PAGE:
The first footage in writer/director Morgan Neville’s documentary ─ which serves as a lavish eulogy for Anthony Bourdain ─ is Anthony Bourdain explicitly saying that he doesn’t want a lavish eulogy. That feels bad, right?

That scene could be seen as an apology that Bourdain will never hear, for a transgression he thankfully won’t ever feel. It’s either that or it’s a cheeky shoulder shrug, a “whatta-ya-gonna-do?” wink and nod from a director who knows he’s participating in some kind of maniacal, grotesque necromancy. Good news: We don’t have to wonder which it is.

In an interview with The New Yorker, Neville admitted to using AI to replicate the voice of a cultural icon ─ beloved for his honesty and sincerity ─ to make him say things he never said out loud. That feels bad too, right? It gets worse! Neville’s response when ever-so-lightly pressed on the issue was “We can have a documentary-ethics panel about it later.” No need, Morgs!

Even if it weren’t for that clear and total violation of not just artistic integrity but basic human decency, Roadrunner: A Film About Anthony Bourdain would be wildly upsetting. Neville doesn’t lay Bourdain’s suicide at the feet of his girlfriend, Asia Argento, despite never even asking to interview her: it all but throws his body at her. It also features speculation that Bourdain’s outspoken passion for the #MeToo movement was displaced heroin addiction.  

Neville allows Bourdain’s long-time TV producers to weep and declare that they never exploited their friend. They go totally unchallenged, despite Bourdain telling fellow chefs and artists how he had lost himself in the process of doing the show. The documentary even includes a scene where it is revealed that Bourdain’s ideal version of the program that truly made (and kept) him famous wouldn’t even focus on him at all. That is a pretty damning thing to include in a film focused entirely on him.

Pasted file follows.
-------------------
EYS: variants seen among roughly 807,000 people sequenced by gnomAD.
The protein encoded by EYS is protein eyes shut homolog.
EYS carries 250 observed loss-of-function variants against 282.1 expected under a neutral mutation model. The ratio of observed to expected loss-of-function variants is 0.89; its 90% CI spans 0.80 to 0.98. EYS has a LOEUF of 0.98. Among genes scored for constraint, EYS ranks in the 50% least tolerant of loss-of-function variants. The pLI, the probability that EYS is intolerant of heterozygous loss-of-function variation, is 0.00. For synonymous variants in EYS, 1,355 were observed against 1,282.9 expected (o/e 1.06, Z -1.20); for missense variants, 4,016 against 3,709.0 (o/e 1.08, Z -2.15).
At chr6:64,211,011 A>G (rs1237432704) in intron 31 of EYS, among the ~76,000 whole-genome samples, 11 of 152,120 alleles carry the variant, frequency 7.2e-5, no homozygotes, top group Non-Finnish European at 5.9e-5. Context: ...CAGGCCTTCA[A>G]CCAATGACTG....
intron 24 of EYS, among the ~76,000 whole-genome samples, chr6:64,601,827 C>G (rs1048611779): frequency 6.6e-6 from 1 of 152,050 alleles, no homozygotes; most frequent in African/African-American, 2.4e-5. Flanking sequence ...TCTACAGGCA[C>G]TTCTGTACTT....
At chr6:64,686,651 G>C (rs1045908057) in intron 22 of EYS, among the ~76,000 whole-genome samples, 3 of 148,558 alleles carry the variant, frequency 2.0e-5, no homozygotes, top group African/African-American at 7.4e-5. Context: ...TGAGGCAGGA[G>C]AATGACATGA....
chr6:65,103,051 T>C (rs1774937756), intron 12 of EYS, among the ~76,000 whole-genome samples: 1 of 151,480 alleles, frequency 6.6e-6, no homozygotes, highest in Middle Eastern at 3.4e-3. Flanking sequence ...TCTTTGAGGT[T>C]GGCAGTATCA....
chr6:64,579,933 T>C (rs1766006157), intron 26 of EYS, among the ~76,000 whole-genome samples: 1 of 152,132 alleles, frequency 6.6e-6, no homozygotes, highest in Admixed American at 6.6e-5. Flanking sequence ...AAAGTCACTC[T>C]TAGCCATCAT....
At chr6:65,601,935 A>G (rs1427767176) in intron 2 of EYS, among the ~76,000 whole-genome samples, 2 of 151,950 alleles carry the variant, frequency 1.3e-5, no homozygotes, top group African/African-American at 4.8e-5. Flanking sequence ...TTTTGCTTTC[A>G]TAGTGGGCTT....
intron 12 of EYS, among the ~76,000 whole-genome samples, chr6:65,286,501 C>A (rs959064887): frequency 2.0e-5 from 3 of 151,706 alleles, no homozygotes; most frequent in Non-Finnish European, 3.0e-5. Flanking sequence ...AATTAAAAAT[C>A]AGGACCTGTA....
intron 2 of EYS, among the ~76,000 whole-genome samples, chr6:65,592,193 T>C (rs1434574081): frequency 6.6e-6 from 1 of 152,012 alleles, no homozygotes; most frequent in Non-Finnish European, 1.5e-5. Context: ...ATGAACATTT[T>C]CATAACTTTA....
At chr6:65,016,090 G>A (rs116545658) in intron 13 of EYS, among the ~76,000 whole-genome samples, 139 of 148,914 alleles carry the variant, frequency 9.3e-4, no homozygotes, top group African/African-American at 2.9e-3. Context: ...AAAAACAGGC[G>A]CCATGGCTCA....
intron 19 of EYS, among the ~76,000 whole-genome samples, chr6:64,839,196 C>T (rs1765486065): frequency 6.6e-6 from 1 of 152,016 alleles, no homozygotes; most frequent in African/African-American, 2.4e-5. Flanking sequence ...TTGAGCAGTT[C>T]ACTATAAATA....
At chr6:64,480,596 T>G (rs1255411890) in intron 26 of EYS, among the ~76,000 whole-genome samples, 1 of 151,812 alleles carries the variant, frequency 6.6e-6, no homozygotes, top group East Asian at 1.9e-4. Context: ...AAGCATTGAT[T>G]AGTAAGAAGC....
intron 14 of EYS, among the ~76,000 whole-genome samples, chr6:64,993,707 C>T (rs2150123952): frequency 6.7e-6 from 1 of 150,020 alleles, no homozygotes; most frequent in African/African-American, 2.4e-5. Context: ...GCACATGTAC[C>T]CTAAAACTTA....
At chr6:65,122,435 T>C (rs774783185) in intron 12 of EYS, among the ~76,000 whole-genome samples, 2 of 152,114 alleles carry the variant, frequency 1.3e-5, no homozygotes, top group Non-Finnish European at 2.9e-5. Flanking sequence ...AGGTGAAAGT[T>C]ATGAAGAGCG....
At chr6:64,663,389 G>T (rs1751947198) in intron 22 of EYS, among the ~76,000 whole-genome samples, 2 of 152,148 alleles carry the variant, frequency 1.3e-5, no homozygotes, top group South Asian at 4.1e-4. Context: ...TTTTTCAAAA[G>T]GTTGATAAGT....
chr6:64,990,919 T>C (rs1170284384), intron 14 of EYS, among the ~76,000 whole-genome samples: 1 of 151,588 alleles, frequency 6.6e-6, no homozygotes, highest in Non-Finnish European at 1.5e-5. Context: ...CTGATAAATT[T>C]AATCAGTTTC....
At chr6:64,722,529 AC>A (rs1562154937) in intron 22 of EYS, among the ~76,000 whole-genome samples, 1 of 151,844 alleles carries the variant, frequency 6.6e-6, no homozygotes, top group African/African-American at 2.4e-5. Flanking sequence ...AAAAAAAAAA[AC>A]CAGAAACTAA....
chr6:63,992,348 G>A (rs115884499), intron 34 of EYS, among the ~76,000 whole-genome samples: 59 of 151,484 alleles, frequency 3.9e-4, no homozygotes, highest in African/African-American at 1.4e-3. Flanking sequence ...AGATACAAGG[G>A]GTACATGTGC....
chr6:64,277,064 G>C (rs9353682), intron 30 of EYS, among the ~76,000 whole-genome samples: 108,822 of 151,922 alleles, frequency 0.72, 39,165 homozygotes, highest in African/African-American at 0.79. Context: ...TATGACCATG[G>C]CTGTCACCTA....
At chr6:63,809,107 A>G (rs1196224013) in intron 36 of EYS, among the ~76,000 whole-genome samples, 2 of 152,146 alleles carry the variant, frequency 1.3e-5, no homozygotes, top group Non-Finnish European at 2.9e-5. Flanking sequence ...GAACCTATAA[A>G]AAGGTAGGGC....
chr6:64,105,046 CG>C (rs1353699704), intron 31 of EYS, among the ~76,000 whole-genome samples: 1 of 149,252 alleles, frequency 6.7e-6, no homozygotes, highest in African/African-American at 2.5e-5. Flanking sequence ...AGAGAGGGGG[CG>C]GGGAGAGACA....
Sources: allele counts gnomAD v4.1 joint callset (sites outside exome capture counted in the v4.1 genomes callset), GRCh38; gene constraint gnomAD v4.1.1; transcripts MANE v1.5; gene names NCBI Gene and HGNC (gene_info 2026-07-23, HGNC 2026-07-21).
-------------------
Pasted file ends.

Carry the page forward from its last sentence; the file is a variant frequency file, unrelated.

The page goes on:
That’s all really very bad, right?

Is it neat to see this quasi-retrospective of Bourdain’s rise from bad-boy chef to self-deputized American ambassador? Sure. There’s also, like, hundreds of hours of him doing that outside of this ill-conceived endeavor. The point of Roadrunner seems to be to understand a man who never understood himself, despite that man’s very clear request that nobody try and do just that.

The film makes frequent references to Bourdain’s fame without contextualizing his impact. That is to say, it’s wonderful and necessary to hear from those who were closest to him. It would also be nice to see his societal footprint in ways beyond people just noting that he was a best-selling author with a popular TV show. The footage at the very end of strangers creating a makeshift memorial at his former restaurant speaks to a profound impact that is never measured or depicted just inferred.

The positive reactions to Roadrunner appear to mostly be goodwill and an embrace of Bourdain himself. Because, to be clear, the film is truly successful at absolutely nothing. It doesn’t reveal meaningful insights that couldn’t be gleaned from reading, seeing, or hearing Bourdain in the previous words he chose to share. It doesn’t serve as a coda on the end of a chaotic life in any way that isn’t gross.

As so many cultural figures are anointed in death, Bourdain is getting dangerously close to pop cultural sainthood. The sole redeeming moment in Roadrunner comes when David Choe realizes that the best way to honor his friend is to actively work against that progression. He gets it. Neville doesn’t.

Grade = F

Other Critical Voices to Consider

Kristy Puchko at Pajiba says, “Some might crave something cleaner, brighter, more cathartic. But such an offering would be a disservice to an artist who pushed the envelope, pulled at our heartstrings, and demanded we meet him wherever he roamed.”

Carla Renata from The Curvy Film Critic says the film “is a reminder to pay attention to those you truly love, as they may be struggling with internal demons you will never know or recognize. However, sometimes all the love in the world can’t save someone who doesn’t want to be saved.” 

Courtney Small at Cinema Axis says “The documentary also serves as a solid introduction into Bourdain’s life for newcomers. Since Bourdain is such a complicated individual, Roadrunner lacks the cohesiveness it is searching for. However, it is the film’s imperfections that allow viewers to connect with its subject on a more personal level.”

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